A story this important deserves better than this second rate film
In the times before Martin Luther King put momentum behind his dream, African Americans had to be twice as good to get half as much as their white counterparts. Racism was justified and equality denied by spurious science.
Black soldiers were thought to be lazy, stupid and cowardly, so the government didn’t want to give them the opportunity to fight for their country — just cook for it in galleys and mess halls while white soldiers earned accolades.
A few brave men challenged those rules. As part of an experiment, the U.S. government tested black pilots trained at Booker T. Washington’s Tuskegee Institute. Known as the Tuskegee Airmen, these aviators, navigators, mechanics and bombardiers maintained one of the best records of any squadron during the war. Their record is more impressive because these aviators were flying second-hand planes with shoddy equipment.
But for years these men who had to fight both the Axis powers and their government’s prejudices were a footnote in history.
Red Tails seeks to right this historic wrong. So it’s a shame that writers John Ridley (Da Brick) and Aaron McGruder (The Boondocks) have created a flat, hollow story.
The film follows a fictionalized squadron of war-movie stereotypes. Marty ‘Easy’ Julian (Nate Parker: Blood Done Sign My Name) is a tortured captain who needs a few belts of booze to steady himself for battle. Joe ‘Lightening’ Little (David Oyelowo: The Help) is Marty’s hot-shot best friend, who seeks glory instead of obeying orders. Ray ‘Junior’ Gannon (Tristan Wilds: 90210) is the young soldier yearning to be seen as an adult by his peers. Andrew ‘Smokey’ Salem (Ne-Yo: Battle: Los Angeles) is a wise-crackin, guitar-strumming southerner. And Antoine ‘Coffee’ Coleman (Andre Royo: Fringe) is the exasperated mechanic who patches together their beat-up planes.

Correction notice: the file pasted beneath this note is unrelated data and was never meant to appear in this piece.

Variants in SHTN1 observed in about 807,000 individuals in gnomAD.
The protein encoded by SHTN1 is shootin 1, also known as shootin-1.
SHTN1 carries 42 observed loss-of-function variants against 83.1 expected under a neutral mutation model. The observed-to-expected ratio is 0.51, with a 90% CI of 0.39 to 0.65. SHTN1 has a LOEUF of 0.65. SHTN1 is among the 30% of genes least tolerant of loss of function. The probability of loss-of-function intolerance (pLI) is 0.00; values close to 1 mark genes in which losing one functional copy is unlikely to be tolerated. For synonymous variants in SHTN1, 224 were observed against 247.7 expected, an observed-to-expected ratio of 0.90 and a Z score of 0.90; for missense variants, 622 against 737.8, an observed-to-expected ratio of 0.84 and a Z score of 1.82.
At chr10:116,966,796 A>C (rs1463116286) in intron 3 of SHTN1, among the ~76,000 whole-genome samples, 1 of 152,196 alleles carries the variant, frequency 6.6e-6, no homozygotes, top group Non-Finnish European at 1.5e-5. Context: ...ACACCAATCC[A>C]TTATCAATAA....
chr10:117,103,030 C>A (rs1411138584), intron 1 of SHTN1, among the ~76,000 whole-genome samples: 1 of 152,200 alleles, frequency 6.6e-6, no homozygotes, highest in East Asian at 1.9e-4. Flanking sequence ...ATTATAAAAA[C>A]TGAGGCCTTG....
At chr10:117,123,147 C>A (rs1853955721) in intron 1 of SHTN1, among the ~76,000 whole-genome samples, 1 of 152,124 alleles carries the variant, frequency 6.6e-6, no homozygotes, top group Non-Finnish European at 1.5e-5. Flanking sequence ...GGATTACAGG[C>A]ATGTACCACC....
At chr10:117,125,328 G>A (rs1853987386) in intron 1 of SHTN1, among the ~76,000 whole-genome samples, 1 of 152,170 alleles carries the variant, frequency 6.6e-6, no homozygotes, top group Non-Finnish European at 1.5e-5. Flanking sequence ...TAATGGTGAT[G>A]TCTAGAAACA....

These types, for they’re not really characters, are led by Colonel A.J. Bullard (Terrence Howard: Winnie), who must fight racists in the military to get his men taken seriously.
A second problem beyond stereotypes is that Red Tails tries so hard to show how righteous and good these men were that it forgets to make them people. Parker is so inexpressive that you wonder just how much Julian must be drinking to be that flat. Ne-Yo and Royo are both excellent comedians, but we don’t know anything about the men they portray.
Only Little, who boils with anger at injustice of his situation, feels like a real, relatable character. He romances an Italian girl, throws punches at racists and speaks up when he sees Julian drinking. Oyelowo makes Little a real, flawed man. That makes him no less of a hero.
Why aren’t the other characters given depth? The Tuskegee Airmen were some of the best-trained and most educated pilots in the war, because they had to be. To not impress that upon the audience takes away from the real heroes. Poor Cuba Gooding Jr., who has won an Oscar, can only chomp on a pipe in the background.
The biggest problem, however, is the dialog, which ranges from boring to ridiculous. When the white bombardiers realize the Red Tails are providing them excellent defense, they exclaim, “Those Red Tails sure can fly!”
The film is not a total wash. Red Tails is most interesting when its protagonists are in the air. Computer-generated battle sequences are tight and tense as these pilots battle a scarred German fighter pilot and his intimidating squadron.
At the end of the day, you don’t root for the Red Tails as people. You root for them because they’re the good guys. Because they’re fighting the Nazis. Because they’re oppressed. That’s a shame, because each one of the actual Tuskegee Airmen was a real and extraordinary man.